Slices of Japanese business, politics and life
Deflation? Don’t blame me
The president of Aeon bristles at the suggestion that he’s partly the reason for deflation in Japan, as the country’s No.2 retailer and its rivals slash prices to snag yen-pinching shoppers.
“It’s stupid. They don’t know anything,” Motoya Okada told a group of reporters, when asked about a recent magazine article that criticised Aeon, budget fashion chain Uniqlo and other retailers for a price war that, the story argues, only hurts the economy by squeezing profits and wages.
“Japanese people are getting poorer and poorer. Unless their incomes rise, there’s nothing they can do about it,” said Okada, whose company has been marking down prices sharply to reinvigorate sales at its Jusco supermarkets and other general merchandising stores — all-in-one stores that sell everything from food to clothing to electronics.
Expressing frustration with accusations that he’s partly responsible for deflation, Okada reminisced about the good old days of barbecued eel, a traditional Japanese delicacy.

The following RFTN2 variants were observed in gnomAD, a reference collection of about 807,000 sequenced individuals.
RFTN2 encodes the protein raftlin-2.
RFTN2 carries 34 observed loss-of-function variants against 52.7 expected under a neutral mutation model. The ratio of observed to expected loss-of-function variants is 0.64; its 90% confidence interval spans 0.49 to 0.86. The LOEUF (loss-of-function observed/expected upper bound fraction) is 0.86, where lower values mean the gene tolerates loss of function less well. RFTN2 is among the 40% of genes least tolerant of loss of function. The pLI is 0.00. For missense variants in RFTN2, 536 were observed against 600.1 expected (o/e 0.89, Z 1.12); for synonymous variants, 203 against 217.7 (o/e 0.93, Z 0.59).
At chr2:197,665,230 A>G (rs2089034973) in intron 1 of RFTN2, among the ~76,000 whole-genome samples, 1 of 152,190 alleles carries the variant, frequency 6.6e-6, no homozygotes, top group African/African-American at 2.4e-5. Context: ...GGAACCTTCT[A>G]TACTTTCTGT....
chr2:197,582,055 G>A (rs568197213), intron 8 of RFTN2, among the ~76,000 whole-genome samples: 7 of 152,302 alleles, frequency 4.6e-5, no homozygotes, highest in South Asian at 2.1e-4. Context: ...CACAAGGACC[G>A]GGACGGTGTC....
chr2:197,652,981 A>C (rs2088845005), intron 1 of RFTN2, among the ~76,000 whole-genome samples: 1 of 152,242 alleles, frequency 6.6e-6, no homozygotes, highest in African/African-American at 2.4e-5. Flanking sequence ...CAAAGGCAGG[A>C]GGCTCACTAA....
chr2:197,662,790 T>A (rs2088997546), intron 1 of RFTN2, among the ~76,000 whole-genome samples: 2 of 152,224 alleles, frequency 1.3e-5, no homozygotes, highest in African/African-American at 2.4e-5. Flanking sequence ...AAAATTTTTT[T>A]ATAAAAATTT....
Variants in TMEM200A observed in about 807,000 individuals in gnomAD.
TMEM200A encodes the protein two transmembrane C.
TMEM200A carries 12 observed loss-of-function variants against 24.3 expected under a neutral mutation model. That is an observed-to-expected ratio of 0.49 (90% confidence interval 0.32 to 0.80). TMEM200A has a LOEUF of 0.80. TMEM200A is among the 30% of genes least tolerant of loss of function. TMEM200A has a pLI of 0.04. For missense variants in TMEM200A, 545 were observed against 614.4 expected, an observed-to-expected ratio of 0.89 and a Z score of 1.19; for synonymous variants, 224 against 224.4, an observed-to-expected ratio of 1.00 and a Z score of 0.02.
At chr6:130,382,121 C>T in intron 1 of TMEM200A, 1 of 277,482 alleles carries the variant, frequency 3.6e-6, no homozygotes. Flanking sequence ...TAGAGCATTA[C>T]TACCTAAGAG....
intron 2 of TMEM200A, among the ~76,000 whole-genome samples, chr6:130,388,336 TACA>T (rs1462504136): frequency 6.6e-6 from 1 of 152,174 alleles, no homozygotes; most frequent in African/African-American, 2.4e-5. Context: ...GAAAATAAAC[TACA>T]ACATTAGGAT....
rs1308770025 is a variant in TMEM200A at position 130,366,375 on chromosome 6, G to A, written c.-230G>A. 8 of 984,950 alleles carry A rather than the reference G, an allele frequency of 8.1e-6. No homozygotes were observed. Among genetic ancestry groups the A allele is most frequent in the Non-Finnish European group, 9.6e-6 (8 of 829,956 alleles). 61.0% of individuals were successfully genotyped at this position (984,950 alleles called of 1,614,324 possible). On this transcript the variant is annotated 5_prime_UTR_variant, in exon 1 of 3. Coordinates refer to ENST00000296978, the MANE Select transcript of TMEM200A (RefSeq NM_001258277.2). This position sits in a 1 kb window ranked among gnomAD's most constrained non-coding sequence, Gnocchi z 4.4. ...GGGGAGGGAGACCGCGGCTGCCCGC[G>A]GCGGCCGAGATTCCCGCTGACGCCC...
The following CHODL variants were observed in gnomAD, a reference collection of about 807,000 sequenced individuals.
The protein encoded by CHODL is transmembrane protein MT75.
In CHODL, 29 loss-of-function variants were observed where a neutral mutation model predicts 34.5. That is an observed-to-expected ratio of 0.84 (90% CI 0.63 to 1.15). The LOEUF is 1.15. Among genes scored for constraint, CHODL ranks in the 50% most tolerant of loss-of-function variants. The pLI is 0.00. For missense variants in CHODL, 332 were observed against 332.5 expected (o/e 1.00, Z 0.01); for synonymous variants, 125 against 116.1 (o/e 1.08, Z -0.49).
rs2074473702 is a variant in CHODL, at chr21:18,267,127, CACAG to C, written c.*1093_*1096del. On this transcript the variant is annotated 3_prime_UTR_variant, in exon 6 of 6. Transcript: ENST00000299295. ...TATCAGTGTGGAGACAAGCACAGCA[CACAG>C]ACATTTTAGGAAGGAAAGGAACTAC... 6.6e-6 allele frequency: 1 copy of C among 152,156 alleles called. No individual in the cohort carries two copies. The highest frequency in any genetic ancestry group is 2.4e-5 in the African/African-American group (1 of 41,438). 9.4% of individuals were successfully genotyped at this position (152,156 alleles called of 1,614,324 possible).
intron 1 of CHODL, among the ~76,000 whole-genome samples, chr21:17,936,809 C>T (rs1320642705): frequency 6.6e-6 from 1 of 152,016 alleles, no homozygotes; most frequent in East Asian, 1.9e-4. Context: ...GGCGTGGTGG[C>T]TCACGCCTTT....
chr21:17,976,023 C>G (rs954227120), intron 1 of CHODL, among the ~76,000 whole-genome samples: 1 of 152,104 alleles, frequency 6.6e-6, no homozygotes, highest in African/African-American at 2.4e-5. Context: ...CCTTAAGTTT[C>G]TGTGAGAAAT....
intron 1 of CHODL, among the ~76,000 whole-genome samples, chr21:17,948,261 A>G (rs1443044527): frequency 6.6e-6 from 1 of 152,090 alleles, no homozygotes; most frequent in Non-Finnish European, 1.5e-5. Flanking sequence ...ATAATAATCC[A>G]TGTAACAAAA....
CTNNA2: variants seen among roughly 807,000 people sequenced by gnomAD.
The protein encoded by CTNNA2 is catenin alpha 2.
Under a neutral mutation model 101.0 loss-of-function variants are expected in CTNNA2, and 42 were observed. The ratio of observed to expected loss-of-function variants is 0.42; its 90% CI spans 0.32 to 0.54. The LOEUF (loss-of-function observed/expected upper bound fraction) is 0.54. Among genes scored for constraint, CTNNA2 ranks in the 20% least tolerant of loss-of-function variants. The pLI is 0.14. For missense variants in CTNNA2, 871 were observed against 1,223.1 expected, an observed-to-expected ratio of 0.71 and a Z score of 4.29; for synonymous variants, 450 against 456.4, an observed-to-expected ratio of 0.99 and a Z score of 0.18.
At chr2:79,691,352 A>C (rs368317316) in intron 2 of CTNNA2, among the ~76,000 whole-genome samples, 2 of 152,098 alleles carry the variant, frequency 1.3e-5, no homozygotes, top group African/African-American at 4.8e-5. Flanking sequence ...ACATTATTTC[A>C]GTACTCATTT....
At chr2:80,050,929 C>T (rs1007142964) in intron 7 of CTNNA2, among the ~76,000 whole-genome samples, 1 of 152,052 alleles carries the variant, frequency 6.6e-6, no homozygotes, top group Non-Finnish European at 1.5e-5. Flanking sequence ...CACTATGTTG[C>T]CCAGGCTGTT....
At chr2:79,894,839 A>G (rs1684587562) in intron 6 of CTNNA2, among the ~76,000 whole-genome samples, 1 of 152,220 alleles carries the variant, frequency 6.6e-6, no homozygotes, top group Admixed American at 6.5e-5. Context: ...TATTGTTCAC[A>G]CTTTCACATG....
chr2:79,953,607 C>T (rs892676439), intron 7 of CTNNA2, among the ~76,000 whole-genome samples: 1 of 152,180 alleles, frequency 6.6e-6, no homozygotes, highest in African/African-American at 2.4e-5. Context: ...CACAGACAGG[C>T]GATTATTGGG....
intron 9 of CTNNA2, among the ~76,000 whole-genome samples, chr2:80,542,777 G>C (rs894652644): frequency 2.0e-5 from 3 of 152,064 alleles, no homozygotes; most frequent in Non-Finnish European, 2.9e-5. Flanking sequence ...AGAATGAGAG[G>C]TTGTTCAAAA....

“Once upon a time, every supermarket’s fish section competed to sell barbecued eel, creating a new market,” he said.
“Before that, we could eat barbecued eel only at restaurants. But people became able to have it at home, it was a revolutionary thing. Do you call this deflation?” he said, adding that the same barbecued eel selling for around 2,000 yen at restaurants goes for about 400 yen at supermarkets.
“If we did this now, we would be accused of accelerating deflation and media would say it’s the end of the barbecued eel tradition,” he said.